Skip to Main Content
Railroad News

New York Farmer Seriously Injured by Rail-Mounted Flaw Detector Vehicle at Dangerous, Unguarded Long Island Crossing

By Pottroff & Karlin LLC |

(Laurel, Long Island, New York – April 21, 2015)

A self-propelled rail mounted vehicle either owned by Long Island Railroad or one provided through a contractor with the LIRR/Metropolitan Transit Authority struck and seriously injured a New York farmer at a dangerous, unguarded grade crossing Tuesday afternoon at 2:53 P.M., EDT in Laurel, NY.  This rail vehicle does not have the right-of-way as it was “testing the track levels at the 40 mph speed limit (for trains, not track-mounted vehicles) when it rammed into the tractor,” according to news media sources.

The accident, which sent the unidentified and unwarned farmer to Stony Brook University Medical Center via Life Flight helicopter after his tractor was virtually destroyed by the rail detector vehicle, occurred on the LIRR’s Ronkonkama Branch which leads from the LIRR main line to Greenpoty, LI, NY.

Three railroad employees, none of whom were injured, were aboard the rail-mounted vehicle according to Metropolitan Transit Authority spokesman Salvatore Arena. Another MTA spokesperson, Meredith Daniels, said that the crossing has no gates or other protective devices, such as bells and flashing lights, intended to prevent accidents like the one that occurred Tuesday afternoon. 


Railroad News


Train crash cases are unique and complex with many different potential pitfalls, such as federal preemption. Anytime I get hired or even get a call from a train crash victim, my very first call is to Nathan’s firm. Nathan’s knowledge and experience in handling and trying cases against these litigation savvy railroad companies gives me the confidence to know that the clients and cases I refer to him are getting the best of the best.

James Perrin Lubbock, Texas

I have had the opportunity to work as co-counsel with Nathan on several railroad crossing accidents cases. In each case, Nathan always possessed an incredible knowledge of the law and the facts, possessed a great talent for aggressive - strategic legal planning and trial tactics while, at the same time, displaying great skill as an effective negotiator. I would recommend him to anyone without hesitation.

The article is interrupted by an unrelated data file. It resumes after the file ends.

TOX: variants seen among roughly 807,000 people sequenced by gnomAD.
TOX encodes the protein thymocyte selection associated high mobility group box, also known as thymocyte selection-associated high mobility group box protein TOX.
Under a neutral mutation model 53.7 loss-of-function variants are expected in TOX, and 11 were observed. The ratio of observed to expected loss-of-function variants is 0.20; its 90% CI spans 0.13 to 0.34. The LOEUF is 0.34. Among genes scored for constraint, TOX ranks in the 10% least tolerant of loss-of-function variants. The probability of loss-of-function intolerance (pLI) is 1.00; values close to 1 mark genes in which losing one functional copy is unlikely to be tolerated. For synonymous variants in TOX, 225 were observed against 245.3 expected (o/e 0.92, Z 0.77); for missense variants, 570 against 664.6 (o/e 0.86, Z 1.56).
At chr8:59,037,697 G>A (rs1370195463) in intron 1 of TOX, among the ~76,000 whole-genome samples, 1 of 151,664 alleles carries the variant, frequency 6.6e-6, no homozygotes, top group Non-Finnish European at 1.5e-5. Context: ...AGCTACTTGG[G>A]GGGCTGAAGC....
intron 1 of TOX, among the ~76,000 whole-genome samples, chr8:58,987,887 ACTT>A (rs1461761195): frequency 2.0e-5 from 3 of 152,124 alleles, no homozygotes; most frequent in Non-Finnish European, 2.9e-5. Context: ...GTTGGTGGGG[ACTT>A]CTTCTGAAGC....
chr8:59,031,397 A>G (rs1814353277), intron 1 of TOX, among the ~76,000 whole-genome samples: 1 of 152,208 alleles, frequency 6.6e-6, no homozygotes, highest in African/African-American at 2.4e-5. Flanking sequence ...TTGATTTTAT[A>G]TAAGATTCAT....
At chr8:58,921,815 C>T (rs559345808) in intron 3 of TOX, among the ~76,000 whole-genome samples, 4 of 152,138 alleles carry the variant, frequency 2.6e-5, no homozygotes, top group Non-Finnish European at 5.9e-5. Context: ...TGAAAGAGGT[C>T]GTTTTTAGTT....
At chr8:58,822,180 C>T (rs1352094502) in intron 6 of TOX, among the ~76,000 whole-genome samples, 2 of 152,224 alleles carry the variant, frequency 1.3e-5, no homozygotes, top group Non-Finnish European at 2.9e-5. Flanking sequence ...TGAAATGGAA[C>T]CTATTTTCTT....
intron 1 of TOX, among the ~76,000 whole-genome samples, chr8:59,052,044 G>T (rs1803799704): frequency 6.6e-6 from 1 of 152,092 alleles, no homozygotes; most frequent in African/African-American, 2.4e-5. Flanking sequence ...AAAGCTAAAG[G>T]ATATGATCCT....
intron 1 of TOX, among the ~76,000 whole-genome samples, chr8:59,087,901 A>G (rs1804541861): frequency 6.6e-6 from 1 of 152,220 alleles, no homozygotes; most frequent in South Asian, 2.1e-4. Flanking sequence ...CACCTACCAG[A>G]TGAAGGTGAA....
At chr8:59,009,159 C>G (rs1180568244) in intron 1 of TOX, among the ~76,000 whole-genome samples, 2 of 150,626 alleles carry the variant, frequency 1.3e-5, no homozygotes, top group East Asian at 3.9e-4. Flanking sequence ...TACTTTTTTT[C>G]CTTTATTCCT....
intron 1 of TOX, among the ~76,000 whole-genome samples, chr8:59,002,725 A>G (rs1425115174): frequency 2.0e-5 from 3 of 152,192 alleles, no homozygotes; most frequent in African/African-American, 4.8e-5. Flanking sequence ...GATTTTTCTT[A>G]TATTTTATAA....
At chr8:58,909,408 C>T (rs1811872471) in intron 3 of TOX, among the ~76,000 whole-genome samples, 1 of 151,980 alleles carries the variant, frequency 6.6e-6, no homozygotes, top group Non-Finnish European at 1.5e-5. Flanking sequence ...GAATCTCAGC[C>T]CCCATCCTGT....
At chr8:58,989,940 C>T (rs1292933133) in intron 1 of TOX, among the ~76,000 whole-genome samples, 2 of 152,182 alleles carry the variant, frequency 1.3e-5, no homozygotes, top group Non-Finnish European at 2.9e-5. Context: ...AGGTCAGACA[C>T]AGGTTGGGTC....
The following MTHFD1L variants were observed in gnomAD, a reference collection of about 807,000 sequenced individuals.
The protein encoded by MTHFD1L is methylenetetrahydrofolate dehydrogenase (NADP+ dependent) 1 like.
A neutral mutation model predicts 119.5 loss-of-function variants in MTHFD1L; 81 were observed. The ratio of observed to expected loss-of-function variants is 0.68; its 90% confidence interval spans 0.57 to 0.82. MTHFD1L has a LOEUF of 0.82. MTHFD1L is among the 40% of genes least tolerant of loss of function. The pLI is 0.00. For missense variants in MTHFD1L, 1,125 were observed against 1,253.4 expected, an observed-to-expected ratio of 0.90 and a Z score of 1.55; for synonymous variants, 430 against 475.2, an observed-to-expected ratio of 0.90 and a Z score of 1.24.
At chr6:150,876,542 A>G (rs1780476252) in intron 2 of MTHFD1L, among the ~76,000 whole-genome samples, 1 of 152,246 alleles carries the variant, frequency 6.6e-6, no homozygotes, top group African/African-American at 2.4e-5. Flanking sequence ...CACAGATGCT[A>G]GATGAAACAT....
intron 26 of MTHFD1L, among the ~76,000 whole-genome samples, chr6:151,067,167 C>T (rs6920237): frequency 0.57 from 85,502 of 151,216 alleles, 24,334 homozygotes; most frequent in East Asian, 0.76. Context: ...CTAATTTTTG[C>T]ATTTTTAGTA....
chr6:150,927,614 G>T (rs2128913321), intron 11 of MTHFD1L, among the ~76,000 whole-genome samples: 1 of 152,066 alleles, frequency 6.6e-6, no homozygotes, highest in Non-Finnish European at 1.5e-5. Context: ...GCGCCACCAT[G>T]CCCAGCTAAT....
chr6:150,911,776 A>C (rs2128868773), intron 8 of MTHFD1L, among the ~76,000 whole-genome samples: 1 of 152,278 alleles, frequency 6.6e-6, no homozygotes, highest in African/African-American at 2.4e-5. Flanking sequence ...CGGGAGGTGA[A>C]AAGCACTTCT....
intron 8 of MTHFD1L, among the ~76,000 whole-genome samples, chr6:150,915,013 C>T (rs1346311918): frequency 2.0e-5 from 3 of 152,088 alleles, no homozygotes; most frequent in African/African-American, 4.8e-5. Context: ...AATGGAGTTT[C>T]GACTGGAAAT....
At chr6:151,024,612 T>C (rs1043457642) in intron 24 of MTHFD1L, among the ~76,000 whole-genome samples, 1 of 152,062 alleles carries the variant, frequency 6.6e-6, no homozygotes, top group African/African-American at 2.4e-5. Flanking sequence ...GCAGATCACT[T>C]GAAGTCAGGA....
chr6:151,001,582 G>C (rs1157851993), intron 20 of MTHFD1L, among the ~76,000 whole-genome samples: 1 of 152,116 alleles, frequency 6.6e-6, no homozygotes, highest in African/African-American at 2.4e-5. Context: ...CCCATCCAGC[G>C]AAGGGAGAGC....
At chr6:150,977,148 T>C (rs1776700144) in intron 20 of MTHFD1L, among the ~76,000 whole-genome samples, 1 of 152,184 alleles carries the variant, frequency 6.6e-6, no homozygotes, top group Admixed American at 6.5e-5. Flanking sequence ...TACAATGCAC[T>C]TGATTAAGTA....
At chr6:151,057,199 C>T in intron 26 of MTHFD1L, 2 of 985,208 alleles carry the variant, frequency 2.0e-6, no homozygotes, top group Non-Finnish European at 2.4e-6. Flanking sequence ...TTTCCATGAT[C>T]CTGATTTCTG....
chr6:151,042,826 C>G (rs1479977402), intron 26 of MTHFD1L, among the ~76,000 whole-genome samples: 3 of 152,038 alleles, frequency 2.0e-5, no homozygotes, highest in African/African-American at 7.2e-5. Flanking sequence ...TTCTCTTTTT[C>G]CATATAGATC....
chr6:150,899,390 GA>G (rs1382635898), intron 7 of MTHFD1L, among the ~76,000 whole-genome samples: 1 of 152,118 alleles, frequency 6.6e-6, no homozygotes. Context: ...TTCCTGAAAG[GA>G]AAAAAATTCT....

Scott McCluen Harriman, Tennessee

Nathan Karlin has my strongest endorsement in the field of railroad crossing cases and personal injury law. I had the pleasure of working with Nathan in a complex railroad personal injury case. I was impressed by Nathan’s knowledge, his work ethic, and his dedication to the client. I look forward to working with Nathan on future injury matters. I am also aware firsthand that he has obtained excellent trial and settlement results in numerous cases involving members of the public harmed by railroad companies.

Joseph M. Miller Mandeville, Louisiana

Nathan is a warrior fighting the railroads. As a fellow personal injury lawyer, I have constantly been impressed with his depth of knowledge and his capabilities from case to case. I’d take him into battle with me any day against the biggest railroads and insurance companies on the planet.

Jon C. Clark Austin, Texas

Bob Pottroff has fought for the victims of the railroads’ callous disregard for safety more than any other attorney that I know. I should know because I am currently Chair-elect of the Railroad Section of ATLA.

Robert Schuetze Boulder, Colorado

Mr. Pottroff has shaken the rail industry to its very roots. Settlements are now more common as a result of the way he has exposed the industry’s wrongdoing.

Mike Easley Arkansas

Bob Pottroff’s work in railroad safety law is unmatched and he has been the source of great advice and phenomenal creativity.

Roger Brown Jefferson City, Missouri

In addition to his substantive contributions to railroad grade crossing safety, I have personally observed his untiring efforts and contributions to improving the integrity of the legal system.

Elizabeth Hardy Lake Charles, Louisiana

  • 1
  • 2
  • 3
  • 4
  • 5
  • 6
  • 7
  • 8